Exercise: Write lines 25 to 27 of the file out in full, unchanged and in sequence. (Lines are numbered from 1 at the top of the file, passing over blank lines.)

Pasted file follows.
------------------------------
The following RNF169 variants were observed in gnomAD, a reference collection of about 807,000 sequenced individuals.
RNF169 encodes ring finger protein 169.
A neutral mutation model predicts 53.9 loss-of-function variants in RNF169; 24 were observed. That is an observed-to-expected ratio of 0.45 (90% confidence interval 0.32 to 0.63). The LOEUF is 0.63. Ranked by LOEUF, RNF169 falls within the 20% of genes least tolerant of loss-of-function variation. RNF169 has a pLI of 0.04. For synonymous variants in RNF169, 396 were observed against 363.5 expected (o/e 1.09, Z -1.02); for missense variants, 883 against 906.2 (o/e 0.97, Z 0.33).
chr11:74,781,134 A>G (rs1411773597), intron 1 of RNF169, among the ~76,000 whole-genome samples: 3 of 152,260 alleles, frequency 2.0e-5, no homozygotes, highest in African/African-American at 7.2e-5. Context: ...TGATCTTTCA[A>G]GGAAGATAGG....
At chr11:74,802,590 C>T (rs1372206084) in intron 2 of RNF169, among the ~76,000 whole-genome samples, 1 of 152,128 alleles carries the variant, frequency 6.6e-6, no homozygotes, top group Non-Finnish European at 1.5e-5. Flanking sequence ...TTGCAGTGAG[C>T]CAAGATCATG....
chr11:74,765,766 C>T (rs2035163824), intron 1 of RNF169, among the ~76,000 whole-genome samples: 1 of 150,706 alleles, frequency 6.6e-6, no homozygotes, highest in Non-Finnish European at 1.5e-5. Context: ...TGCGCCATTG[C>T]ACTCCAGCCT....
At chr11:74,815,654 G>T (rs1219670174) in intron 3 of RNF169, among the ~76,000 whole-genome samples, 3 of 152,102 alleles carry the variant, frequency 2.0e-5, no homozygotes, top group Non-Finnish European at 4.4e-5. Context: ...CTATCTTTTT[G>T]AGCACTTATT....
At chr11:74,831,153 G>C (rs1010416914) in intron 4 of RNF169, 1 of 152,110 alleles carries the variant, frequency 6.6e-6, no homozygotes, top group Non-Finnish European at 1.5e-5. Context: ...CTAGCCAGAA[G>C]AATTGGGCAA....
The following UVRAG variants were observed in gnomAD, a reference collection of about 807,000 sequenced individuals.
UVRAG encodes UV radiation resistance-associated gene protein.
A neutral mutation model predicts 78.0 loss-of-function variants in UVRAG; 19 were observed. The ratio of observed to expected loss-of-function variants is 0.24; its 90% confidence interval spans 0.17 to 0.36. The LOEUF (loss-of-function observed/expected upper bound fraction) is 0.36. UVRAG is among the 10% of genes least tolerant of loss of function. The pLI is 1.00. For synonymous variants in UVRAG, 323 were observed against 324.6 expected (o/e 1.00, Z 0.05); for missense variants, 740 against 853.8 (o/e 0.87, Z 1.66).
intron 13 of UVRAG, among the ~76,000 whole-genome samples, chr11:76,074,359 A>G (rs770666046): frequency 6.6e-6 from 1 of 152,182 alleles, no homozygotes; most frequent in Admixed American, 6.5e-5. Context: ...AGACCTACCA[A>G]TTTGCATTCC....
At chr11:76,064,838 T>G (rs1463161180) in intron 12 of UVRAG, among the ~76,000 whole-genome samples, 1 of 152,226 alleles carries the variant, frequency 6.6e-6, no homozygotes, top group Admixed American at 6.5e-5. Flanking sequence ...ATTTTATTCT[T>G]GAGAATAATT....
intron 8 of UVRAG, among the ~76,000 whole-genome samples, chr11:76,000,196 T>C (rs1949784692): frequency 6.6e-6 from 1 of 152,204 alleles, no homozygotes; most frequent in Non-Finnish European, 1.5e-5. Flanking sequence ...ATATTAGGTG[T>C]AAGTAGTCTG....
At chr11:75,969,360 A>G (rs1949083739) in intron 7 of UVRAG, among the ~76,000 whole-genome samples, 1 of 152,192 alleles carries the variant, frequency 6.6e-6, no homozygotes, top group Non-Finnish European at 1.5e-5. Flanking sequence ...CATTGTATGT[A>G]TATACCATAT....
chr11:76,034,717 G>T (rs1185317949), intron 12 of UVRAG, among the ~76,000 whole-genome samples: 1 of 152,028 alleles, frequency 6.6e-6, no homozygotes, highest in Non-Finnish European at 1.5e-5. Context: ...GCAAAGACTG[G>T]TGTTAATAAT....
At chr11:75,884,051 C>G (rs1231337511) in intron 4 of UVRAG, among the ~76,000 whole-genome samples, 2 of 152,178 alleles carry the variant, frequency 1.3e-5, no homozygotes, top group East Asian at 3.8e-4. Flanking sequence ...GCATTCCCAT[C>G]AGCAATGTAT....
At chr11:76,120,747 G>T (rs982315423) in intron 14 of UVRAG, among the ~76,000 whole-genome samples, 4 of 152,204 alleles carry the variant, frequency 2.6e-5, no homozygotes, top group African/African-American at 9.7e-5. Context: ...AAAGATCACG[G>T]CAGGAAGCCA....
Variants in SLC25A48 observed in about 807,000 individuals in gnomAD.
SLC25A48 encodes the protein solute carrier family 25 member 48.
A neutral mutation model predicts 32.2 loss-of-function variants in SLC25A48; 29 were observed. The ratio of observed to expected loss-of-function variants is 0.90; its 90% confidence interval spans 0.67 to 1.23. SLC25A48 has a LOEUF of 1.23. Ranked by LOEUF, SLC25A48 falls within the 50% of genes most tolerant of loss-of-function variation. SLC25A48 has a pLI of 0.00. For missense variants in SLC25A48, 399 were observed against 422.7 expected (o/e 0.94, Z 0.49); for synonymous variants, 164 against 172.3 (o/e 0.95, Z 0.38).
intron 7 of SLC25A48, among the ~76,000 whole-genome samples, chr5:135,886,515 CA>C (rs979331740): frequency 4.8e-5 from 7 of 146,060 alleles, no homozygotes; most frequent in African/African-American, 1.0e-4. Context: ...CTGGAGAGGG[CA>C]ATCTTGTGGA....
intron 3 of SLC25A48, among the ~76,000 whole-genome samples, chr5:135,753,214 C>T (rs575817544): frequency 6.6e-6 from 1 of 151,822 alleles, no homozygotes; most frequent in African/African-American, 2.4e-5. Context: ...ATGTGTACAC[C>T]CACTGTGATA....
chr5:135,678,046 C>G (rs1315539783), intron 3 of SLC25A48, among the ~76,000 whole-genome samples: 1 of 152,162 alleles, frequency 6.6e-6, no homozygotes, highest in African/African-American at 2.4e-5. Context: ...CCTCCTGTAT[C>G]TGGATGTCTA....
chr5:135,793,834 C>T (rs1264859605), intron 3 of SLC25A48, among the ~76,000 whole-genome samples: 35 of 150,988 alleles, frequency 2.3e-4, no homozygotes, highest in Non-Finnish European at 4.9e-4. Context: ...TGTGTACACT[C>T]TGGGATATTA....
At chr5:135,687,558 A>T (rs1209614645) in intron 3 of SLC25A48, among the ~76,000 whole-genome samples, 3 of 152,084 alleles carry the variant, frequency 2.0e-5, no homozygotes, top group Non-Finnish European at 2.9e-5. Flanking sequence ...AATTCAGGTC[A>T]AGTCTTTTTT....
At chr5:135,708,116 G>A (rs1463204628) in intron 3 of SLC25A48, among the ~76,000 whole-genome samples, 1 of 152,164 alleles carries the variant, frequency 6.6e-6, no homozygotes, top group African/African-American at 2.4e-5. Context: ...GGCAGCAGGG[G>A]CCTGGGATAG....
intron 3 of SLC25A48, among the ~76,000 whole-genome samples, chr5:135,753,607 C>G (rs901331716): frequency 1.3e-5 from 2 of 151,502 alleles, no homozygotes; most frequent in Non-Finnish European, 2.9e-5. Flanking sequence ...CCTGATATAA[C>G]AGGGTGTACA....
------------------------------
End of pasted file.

chr5:135,793,834 C>T (rs1264859605), intron 3 of SLC25A48, among the ~76,000 whole-genome samples: 35 of 150,988 alleles, frequency 2.3e-4, no homozygotes, highest in Non-Finnish European at 4.9e-4. Context: ...TGTGTACACT[C>T]TGGGATATTA....
At chr5:135,687,558 A>T (rs1209614645) in intron 3 of SLC25A48, among the ~76,000 whole-genome samples, 3 of 152,084 alleles carry the variant, frequency 2.0e-5, no homozygotes, top group Non-Finnish European at 2.9e-5. Flanking sequence ...AATTCAGGTC[A>T]AGTCTTTTTT....
At chr5:135,708,116 G>A (rs1463204628) in intron 3 of SLC25A48, among the ~76,000 whole-genome samples, 1 of 152,164 alleles carries the variant, frequency 6.6e-6, no homozygotes, top group African/African-American at 2.4e-5. Context: ...GGCAGCAGGG[G>A]CCTGGGATAG....